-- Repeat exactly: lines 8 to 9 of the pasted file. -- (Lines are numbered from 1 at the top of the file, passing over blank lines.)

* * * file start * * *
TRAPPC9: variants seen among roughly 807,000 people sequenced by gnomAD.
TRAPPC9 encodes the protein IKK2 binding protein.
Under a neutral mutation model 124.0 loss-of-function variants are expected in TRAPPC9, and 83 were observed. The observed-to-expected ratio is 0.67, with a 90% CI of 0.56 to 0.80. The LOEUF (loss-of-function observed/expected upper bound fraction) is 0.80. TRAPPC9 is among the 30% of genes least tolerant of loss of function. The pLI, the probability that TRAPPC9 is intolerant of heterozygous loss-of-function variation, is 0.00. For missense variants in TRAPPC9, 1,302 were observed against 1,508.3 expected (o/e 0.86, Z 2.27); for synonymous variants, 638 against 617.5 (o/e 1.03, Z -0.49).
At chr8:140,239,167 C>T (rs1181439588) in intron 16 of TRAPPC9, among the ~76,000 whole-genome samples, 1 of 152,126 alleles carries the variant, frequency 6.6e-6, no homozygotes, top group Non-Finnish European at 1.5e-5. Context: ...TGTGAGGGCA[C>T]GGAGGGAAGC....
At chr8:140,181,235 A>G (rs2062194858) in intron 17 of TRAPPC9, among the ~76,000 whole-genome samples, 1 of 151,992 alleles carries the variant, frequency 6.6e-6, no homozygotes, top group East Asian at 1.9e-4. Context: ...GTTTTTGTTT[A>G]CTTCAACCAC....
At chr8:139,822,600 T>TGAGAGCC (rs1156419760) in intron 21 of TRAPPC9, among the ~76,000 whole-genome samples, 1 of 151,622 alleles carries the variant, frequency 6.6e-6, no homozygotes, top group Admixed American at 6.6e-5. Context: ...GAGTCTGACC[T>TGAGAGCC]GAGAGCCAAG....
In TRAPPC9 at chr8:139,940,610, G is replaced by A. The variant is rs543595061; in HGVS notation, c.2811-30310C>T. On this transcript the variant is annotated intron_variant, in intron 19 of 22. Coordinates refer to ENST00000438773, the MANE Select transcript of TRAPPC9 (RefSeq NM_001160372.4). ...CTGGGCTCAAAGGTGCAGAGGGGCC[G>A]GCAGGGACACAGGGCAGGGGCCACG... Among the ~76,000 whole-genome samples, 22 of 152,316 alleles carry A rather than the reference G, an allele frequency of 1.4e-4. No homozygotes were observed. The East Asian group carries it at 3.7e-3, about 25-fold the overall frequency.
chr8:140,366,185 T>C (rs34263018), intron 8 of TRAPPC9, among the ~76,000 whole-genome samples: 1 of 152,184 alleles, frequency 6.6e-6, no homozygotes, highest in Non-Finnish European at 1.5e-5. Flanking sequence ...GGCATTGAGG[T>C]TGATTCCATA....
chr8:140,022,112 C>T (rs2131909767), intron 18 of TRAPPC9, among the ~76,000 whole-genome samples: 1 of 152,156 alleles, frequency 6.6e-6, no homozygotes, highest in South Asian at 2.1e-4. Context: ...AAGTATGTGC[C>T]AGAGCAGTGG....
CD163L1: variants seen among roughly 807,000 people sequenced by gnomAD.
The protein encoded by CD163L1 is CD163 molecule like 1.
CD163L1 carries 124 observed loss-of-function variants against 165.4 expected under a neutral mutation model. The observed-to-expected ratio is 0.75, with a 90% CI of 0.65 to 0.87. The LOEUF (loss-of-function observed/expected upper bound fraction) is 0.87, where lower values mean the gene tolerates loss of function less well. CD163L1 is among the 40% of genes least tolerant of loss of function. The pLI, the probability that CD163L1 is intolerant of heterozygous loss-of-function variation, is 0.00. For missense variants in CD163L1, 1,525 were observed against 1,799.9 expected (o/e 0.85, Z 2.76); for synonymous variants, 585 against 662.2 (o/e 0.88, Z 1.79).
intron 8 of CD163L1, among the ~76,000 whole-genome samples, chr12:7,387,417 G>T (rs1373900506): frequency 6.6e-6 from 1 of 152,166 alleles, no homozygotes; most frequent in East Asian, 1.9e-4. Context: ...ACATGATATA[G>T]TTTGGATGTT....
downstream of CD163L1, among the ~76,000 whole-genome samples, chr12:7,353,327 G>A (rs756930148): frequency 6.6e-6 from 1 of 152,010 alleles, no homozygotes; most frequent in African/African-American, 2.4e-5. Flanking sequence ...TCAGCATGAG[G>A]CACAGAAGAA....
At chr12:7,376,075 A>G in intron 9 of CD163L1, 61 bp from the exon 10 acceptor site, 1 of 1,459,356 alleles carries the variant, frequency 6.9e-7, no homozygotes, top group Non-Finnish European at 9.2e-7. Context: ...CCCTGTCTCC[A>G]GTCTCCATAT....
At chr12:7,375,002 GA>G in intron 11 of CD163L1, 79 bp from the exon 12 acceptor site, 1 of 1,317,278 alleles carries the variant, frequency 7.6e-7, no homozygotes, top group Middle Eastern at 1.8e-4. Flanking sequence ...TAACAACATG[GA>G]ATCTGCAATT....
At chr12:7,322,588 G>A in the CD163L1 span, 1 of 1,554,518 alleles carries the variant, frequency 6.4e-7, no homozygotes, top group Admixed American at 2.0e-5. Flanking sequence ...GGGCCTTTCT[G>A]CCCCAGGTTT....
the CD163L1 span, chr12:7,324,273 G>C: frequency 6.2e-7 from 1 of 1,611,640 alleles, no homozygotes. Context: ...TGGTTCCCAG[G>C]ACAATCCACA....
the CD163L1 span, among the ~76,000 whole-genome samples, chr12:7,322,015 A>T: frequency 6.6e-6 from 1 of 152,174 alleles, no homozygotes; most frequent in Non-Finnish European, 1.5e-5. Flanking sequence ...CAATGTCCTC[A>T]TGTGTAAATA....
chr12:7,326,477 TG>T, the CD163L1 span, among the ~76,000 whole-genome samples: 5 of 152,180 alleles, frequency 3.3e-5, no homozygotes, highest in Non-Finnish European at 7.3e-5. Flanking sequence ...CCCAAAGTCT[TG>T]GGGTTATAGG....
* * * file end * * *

chr8:140,366,185 T>C (rs34263018), intron 8 of TRAPPC9, among the ~76,000 whole-genome samples: 1 of 152,184 alleles, frequency 6.6e-6, no homozygotes, highest in Non-Finnish European at 1.5e-5. Flanking sequence ...GGCATTGAGG[T>C]TGATTCCATA....
chr8:140,022,112 C>T (rs2131909767), intron 18 of TRAPPC9, among the ~76,000 whole-genome samples: 1 of 152,156 alleles, frequency 6.6e-6, no homozygotes, highest in South Asian at 2.1e-4. Context: ...AAGTATGTGC[C>T]AGAGCAGTGG....